Circumcision is the surgical removal of the skin covering the tip of the penis.
How is the procedure done?
- We usually carry out the procedure under a general anaesthetic, but local (we numb nerve to the penis with an injection at the base of the penis) or spinal anaesthetic may be used instead.
- We still use local anaesthetic nerve blocks even in general anaesthetic to provide post-operative pain relief.
- We give you an injection of antibiotics before the procedure after you have been checked for any allergies.
- An incision just below the head of the penis and remove the whole foreskin: this leaves the glans (head of the penis) completely exposed.
- Dissolvable stitches are used to attach the skin of your penis to the skin below your glans (see below). These stitches usually disappear within two-three weeks.
Why is the procedure done?
It is usually performed for one or more of the following reasons:
- Circumcision is a religious or cultural ritual for many Jewish and Islamic families, and groups in Africa and Australia. Circumcision can also be a matter of family tradition.
- A tight, non-retractile foreskin - known as phimosis.
- Recurrent infections under the foreskin – known as balanitis.
- Skin disease on the foreskin and glans (head of the penis) - such as chronic inflammation (balanitis xerotica obliterans).
- Large warty lesions of the foreskin - viral warts (HPV)
- Cancerous or pre-cancerous lesions of the foreskin
Risks of the procedure
Most common complications associated with circumcision are:
- Bleeding or accumulation of blood under the skin
This is because the skin of the penis is less tight than other parts of the body and has a very good blood supply. If a large blood clot forms, it is sometimes necessary to perform another small operation to remove it.
The wound can become infected, particularly in men with diabetes. The operation is performed in sterile conditions, but the penis is in an area that is not as clean as other parts of the body. The first signs of infection are increasing pain, redness and swelling at the site of the operation. If this happens, you should return to us for follow-up, as antibiotic treatment may be needed. Antibiotics are not given routinely.
- Side effects related to anaesthesia are possible as well.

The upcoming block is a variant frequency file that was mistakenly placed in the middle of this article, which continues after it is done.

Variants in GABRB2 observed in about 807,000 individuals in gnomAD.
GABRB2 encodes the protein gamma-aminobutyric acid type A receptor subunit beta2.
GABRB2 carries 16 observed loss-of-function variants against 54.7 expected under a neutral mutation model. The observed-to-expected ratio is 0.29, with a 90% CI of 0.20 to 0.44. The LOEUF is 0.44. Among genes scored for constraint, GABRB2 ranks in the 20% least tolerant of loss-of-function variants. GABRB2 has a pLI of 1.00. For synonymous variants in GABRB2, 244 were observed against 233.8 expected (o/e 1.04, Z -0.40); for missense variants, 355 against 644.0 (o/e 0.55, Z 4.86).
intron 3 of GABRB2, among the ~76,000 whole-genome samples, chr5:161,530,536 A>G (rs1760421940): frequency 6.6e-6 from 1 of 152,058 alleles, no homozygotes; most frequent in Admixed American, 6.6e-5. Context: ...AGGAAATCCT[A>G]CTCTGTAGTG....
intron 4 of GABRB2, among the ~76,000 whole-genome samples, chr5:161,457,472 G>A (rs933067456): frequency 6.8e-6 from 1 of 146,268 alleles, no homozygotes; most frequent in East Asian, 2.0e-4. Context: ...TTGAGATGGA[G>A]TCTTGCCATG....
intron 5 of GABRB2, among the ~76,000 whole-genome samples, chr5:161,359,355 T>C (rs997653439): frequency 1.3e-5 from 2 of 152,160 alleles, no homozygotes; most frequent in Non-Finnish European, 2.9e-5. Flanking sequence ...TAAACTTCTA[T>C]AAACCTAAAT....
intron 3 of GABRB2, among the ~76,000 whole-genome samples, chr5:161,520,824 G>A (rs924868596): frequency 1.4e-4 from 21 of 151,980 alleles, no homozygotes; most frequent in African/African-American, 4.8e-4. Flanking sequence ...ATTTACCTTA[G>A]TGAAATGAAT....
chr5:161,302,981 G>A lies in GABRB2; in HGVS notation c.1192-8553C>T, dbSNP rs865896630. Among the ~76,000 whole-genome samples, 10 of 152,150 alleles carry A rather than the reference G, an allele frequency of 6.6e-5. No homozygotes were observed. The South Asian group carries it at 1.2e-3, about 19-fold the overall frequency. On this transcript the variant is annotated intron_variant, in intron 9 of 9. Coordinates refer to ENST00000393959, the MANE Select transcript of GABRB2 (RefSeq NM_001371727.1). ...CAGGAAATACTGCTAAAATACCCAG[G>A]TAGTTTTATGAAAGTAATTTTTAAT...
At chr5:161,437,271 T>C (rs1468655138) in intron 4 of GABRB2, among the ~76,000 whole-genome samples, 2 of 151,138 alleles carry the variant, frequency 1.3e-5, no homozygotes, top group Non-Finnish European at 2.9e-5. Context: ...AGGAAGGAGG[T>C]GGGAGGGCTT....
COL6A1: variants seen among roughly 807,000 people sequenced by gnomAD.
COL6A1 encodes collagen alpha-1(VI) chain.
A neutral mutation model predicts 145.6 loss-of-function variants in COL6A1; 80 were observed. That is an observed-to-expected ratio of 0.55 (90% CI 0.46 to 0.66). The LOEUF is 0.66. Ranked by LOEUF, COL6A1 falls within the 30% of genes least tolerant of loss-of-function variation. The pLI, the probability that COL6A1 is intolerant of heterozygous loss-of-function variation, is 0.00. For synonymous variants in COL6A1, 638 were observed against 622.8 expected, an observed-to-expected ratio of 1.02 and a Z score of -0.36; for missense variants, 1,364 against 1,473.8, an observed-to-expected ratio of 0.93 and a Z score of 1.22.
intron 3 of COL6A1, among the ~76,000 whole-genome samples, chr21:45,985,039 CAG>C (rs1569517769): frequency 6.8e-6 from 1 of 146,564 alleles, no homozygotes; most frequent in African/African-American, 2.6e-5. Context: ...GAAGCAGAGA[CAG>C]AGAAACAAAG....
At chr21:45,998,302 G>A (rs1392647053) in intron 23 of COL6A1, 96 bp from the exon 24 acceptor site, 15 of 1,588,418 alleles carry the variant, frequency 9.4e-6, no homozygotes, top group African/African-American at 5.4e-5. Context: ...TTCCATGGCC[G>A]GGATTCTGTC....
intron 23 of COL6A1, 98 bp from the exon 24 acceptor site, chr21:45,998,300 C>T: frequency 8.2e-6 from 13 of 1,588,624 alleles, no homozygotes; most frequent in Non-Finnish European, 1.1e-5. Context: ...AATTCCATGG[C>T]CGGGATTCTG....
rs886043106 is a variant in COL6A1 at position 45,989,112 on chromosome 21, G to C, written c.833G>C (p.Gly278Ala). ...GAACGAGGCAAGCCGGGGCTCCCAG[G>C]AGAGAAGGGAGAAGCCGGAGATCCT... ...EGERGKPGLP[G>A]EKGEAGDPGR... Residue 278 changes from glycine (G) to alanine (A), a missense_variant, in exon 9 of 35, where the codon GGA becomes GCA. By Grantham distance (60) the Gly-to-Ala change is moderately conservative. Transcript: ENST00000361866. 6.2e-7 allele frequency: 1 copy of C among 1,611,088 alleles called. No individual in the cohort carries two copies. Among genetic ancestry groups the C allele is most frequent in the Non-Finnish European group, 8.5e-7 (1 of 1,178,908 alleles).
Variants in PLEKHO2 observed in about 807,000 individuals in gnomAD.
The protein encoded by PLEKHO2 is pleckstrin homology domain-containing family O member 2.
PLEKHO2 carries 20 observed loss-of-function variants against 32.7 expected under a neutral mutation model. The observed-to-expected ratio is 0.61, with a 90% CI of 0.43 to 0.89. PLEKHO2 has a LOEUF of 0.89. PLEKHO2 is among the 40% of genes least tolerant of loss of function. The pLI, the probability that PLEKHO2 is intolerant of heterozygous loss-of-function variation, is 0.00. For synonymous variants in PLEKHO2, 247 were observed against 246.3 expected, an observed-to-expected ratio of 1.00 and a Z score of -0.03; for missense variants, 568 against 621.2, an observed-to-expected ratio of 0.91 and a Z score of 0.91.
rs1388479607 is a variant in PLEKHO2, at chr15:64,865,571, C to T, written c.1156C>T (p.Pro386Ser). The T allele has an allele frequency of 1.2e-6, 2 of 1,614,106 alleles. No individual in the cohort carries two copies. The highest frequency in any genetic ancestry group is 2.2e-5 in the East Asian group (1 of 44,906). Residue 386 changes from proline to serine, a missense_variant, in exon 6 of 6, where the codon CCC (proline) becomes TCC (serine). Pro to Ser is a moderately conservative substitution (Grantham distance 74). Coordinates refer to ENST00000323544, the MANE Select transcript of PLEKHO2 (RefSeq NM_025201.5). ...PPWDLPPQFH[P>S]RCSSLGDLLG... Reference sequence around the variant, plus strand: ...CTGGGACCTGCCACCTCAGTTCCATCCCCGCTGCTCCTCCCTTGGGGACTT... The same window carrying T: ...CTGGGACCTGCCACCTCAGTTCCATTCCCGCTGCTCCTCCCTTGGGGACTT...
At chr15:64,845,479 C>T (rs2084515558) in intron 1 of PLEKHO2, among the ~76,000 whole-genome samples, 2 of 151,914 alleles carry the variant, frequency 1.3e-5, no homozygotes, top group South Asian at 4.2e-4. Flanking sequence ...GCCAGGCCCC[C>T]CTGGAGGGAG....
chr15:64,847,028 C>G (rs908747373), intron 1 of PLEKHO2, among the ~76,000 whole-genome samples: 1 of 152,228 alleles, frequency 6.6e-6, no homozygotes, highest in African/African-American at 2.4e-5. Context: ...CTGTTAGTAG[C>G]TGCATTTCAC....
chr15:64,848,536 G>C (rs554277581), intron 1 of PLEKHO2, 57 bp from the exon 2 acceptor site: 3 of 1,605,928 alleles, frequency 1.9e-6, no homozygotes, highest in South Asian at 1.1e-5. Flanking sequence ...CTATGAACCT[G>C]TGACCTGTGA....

- 1 in 250 patients will experience dissatisfaction with the cosmetic result even if the procedure is done correctly.
- Oedema (swelling) of excess skin and skin adhesions of remaining skin to glans may require further surgery and skin removal.
Before the procedure
- Please bring a pair of well-fitting clean underpants to wear after the operation.
- On the morning of the operation, wash the genital area and the penis carefully with water and mild soap, giving special attention to the area under the foreskin.
- There is no need to shave your pubic hair in advance of the operation.
- You will be more comfortable if you empty your bladder before the operation.
- Remember not to eat/drink from 22:00 the night before the procedure, irrespective of the type of anaesthetic used.
- Stop blood thinning medication prior to surgery. Discuss this prior to your surgery as the type of blood-thinning medication determines how long before the procedure it needs to be stopped.
- Ask us which of your chronic medication you should take on the day of the surgery.
After the procedure
- You will get some swelling and bruising of the penis which may last several days.
- It can take up to six weeks before the penis returns to its final cosmetic appearance.
- The exposed glans penis will feel very sensitive for the first two weeks. Once the hypersensitivity has settled, your penis will feel a little less sensitive than before the operation.
- The exposed glans may dry out and scab over.
- All your stitches will dissolve, usually within two-three weeks.
- Simple painkillers will be prescribed and will help with any discomfort.
- Remove the dressing after 5-7 days after the procedure.
- If the dressing becomes soaked with urine, remove it.
- After the dressing is removed, wash the penis with soap and water in the shower. Avoid soaking in a bath.
- You should not swim for two weeks.
- You will continue to get erections as normal after the procedure, but you should refrain from any sexual activity (intercourse or masturbation) for six weeks.
- When you first get erections, you may feel some tightness around the scar tissue; this will regain its normal elasticity within a few months.
- Avoid any sport or other strenuous activity for 4–6 weeks.
- The healing process will be well advanced after 7 days, but it takes 4–6 weeks for the wound to become strong. Full healing takes longer (3 to 6 months).
- Phone the rooms to arrange a routine follow-up appointment between 2-6 weeks postoperatively.
Phone us if any of the following occurs
- Continued bleeding from the wound or formation of a large blood clot under the skin near the site of the operation.
- Severe swelling (after the procedure swelling is normal and return to normal over the first few days. If the swelling gets worse, contact us.)
- Discharge of fluid or puss; this may indicate infection.
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